November 18, 2017

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Lilead Fellows, EveryLibrary Share Out ESSA Strategies | ALA Midwinter 2017

EH150811_LileadJust hours before ALA Midwinter got underway last month in Atlanta, GA, Lilead Project director Ann Carlson Weeks of the University of Maryland iSchool welcomed attendees to the first Lilead Fellows community meeting.

In keeping with the mission of the Lilead Fellows Project to make school library district supervisors a network of change agents, Weeks described the meeting’s purpose as “helping you to be enabled and equipped to make change in your states.” She introduced John Chrastka, executive director of EveryLibrary, to lead the audience of Lilead Fellows, corporate partners, and other stakeholders through a strategic approach to activism, addressing the opportunity that the Every Student Succeeds Act (ESSA) provides for school library programs at the state level.

Chrastka invoked the Archimedes metaphor about being able to move the world if one has a place to stand and a long enough lever. With ESSA, school librarians now have solid footing to engage in dialogue with state decision makers. Building a coalition and negotiating are the levers that can result in targeted change. For many, that change includes bringing the AASL definition of effective school library programs into state regulations and activating the language that includes school librarians as specialized instructional support personnel eligible for professional development and other grants.

John Chrastka speaks to attendees at the Lilead Fellows community meeting.

John Chrastka speaks to attendees at the Lilead Fellows community meeting.

Strategies that work

Chrastka encouraged the audience to think about joining or building local coalitions that have values and concerns in common with school librarians. Identifying connections with other groups, finding an entry point for discussion and partnership, and focusing efforts on common goals results in a stronger voice that increases authority with policy makers.

Successfully negotiating change starts with a simple premise. Chrastka emphasized that “decisions are made by the people who show up,” citing progress in Illinois, Idaho, and Virginia as examples. His advice? Do your homework. First, define the problem and develop a goal. Then, determine what agency or entity is responsible for changing, amending, or adding educational administrative regulations in your state. Finally, identify the specific person or office to approach and communicate how your goal is aligned with their priorities.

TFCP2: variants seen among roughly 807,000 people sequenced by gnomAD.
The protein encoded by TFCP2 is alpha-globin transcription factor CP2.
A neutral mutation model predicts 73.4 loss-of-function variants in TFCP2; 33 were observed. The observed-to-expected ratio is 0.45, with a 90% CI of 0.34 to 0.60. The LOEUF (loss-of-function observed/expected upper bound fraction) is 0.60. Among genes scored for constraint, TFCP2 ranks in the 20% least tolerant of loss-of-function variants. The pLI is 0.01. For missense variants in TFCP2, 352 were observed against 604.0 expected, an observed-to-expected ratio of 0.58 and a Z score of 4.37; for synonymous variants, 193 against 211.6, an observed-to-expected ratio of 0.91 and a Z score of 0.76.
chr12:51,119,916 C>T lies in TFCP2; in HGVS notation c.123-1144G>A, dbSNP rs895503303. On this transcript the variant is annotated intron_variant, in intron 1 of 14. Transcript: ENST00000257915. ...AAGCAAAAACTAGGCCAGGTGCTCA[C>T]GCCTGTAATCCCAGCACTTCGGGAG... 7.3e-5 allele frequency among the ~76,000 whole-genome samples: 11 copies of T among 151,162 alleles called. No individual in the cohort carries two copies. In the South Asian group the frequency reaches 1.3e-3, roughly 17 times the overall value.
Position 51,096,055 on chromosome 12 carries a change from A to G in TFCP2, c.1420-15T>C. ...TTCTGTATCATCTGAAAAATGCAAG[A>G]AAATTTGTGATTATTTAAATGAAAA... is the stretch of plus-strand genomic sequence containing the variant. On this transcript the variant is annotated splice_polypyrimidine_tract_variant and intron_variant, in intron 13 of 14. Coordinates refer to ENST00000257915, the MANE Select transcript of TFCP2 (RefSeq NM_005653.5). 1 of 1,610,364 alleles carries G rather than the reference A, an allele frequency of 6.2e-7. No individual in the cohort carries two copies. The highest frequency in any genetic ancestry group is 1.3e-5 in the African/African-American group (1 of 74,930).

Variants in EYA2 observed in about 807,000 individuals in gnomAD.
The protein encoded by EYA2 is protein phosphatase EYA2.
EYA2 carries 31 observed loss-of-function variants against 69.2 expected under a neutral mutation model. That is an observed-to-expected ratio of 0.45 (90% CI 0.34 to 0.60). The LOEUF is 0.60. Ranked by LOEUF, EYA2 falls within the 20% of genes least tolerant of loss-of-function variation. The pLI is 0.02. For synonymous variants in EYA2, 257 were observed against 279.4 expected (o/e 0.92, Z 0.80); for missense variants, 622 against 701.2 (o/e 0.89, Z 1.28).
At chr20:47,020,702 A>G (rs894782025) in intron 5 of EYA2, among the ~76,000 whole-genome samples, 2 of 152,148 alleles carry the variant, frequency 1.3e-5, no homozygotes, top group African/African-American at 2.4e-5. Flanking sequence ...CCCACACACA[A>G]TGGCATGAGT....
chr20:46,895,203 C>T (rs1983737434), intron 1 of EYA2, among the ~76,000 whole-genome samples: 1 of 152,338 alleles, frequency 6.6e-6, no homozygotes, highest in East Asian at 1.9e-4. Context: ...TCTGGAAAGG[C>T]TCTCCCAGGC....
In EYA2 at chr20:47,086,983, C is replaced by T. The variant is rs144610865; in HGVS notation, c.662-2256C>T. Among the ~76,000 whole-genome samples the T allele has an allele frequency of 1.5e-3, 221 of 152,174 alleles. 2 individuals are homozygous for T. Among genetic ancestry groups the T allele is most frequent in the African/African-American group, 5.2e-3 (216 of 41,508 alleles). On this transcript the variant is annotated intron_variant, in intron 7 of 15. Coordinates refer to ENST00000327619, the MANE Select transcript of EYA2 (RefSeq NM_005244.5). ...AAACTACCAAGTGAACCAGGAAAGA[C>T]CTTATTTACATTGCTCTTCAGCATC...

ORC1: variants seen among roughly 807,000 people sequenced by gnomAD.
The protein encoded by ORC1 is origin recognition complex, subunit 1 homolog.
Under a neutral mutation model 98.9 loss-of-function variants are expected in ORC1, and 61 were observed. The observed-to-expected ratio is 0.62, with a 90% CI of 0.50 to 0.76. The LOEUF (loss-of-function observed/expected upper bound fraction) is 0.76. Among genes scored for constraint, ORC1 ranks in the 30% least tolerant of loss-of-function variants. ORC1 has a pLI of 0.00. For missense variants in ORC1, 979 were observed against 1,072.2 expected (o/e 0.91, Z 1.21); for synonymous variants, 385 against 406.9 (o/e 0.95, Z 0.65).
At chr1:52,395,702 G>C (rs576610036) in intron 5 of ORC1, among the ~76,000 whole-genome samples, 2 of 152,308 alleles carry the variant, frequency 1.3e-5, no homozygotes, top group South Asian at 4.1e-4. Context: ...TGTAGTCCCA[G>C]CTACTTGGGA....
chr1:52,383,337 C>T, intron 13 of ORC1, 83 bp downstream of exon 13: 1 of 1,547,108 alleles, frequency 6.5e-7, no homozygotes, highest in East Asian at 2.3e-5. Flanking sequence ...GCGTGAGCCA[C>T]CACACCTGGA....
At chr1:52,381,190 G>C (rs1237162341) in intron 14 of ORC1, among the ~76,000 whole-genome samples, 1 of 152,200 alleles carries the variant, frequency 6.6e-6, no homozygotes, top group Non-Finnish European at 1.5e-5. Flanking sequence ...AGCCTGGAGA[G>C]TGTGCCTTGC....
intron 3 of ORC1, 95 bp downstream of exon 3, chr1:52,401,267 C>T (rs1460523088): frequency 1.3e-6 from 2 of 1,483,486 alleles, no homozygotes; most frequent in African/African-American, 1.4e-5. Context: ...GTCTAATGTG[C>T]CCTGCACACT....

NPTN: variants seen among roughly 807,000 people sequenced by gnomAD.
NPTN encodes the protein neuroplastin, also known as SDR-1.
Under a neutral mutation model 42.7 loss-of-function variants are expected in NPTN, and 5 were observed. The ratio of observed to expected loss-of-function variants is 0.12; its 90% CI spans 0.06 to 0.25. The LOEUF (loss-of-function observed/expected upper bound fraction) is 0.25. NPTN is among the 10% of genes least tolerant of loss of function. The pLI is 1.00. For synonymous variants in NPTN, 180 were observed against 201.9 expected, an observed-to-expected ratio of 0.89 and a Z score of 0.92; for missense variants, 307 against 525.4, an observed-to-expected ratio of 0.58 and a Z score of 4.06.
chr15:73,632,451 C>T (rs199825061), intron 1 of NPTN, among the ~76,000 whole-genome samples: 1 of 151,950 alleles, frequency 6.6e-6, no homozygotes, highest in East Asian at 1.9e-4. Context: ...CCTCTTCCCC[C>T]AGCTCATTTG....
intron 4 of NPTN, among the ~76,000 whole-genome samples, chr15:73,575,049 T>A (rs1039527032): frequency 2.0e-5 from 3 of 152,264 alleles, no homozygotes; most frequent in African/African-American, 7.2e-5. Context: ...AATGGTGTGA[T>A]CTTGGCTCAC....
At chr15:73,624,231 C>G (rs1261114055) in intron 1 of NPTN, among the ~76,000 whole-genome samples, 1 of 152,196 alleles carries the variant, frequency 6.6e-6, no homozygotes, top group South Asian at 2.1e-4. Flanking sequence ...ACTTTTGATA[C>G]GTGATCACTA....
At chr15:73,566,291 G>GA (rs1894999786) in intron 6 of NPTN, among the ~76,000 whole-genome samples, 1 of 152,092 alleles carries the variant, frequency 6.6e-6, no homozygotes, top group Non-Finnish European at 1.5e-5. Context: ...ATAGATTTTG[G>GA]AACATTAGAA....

The art of securing funds

Fund requests require you to suss out more specific information. You must identify which committee appropriates the money, find out if funding exists that should be reappropriated, or whether new funding should be established, and then pinpoint legal or regulatory authorizations already in place that your request can be tied to.

Throughout the presentation, small group discussions put the strategies in context for local situations, and participants shared their own experiences and challenges. Chrastka suggested that sometimes multiple interactions over time are needed to see success. Your message will become stronger if you consistently refer to previous conversations.

In conclusion, Chrastka shared helpful tools and resources, and urged everyone to commit to at least one concrete step to further their objectives.

Library leaders are encouraged to explore what actions have taken place to date in their states, and read and respond to drafts of ESSA plans as they become available. Final state plans are due to the federal government by April 4, 2017.


Priscille Dando is coordinator, library information services at Fairfax County (VA) Public Schools and a Lilead Fellow. Application information for the next cohort of Lilead Fellows is now available.

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